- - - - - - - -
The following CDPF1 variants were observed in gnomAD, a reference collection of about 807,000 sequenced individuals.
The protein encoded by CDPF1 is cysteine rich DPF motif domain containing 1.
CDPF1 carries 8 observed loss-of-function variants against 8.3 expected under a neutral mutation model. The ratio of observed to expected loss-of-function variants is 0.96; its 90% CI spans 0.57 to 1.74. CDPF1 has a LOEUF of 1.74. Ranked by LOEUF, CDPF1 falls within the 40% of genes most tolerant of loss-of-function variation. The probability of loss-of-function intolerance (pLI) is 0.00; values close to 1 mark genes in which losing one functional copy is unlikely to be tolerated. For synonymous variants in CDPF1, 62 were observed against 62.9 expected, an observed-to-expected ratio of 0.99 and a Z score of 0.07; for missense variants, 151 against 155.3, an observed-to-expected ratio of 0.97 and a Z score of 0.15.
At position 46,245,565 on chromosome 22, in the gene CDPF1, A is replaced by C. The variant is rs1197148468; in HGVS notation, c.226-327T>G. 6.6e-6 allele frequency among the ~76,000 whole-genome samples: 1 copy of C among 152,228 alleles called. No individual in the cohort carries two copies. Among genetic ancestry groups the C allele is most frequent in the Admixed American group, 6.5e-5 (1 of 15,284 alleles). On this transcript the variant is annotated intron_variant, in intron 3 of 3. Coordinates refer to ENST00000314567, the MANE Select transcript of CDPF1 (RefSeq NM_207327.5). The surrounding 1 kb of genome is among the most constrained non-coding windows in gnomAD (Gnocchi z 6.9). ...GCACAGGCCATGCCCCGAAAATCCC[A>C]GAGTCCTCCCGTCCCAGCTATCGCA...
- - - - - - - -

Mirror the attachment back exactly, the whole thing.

The following CDPF1 variants were observed in gnomAD, a reference collection of about 807,000 sequenced individuals.
The protein encoded by CDPF1 is cysteine rich DPF motif domain containing 1.
CDPF1 carries 8 observed loss-of-function variants against 8.3 expected under a neutral mutation model. The ratio of observed to expected loss-of-function variants is 0.96; its 90% CI spans 0.57 to 1.74. CDPF1 has a LOEUF of 1.74. Ranked by LOEUF, CDPF1 falls within the 40% of genes most tolerant of loss-of-function variation. The probability of loss-of-function intolerance (pLI) is 0.00; values close to 1 mark genes in which losing one functional copy is unlikely to be tolerated. For synonymous variants in CDPF1, 62 were observed against 62.9 expected, an observed-to-expected ratio of 0.99 and a Z score of 0.07; for missense variants, 151 against 155.3, an observed-to-expected ratio of 0.97 and a Z score of 0.15.
At position 46,245,565 on chromosome 22, in the gene CDPF1, A is replaced by C. The variant is rs1197148468; in HGVS notation, c.226-327T>G. 6.6e-6 allele frequency among the ~76,000 whole-genome samples: 1 copy of C among 152,228 alleles called. No individual in the cohort carries two copies. Among genetic ancestry groups the C allele is most frequent in the Admixed American group, 6.5e-5 (1 of 15,284 alleles). On this transcript the variant is annotated intron_variant, in intron 3 of 3. Coordinates refer to ENST00000314567, the MANE Select transcript of CDPF1 (RefSeq NM_207327.5). The surrounding 1 kb of genome is among the most constrained non-coding windows in gnomAD (Gnocchi z 6.9). ...GCACAGGCCATGCCCCGAAAATCCC[A>C]GAGTCCTCCCGTCCCAGCTATCGCA...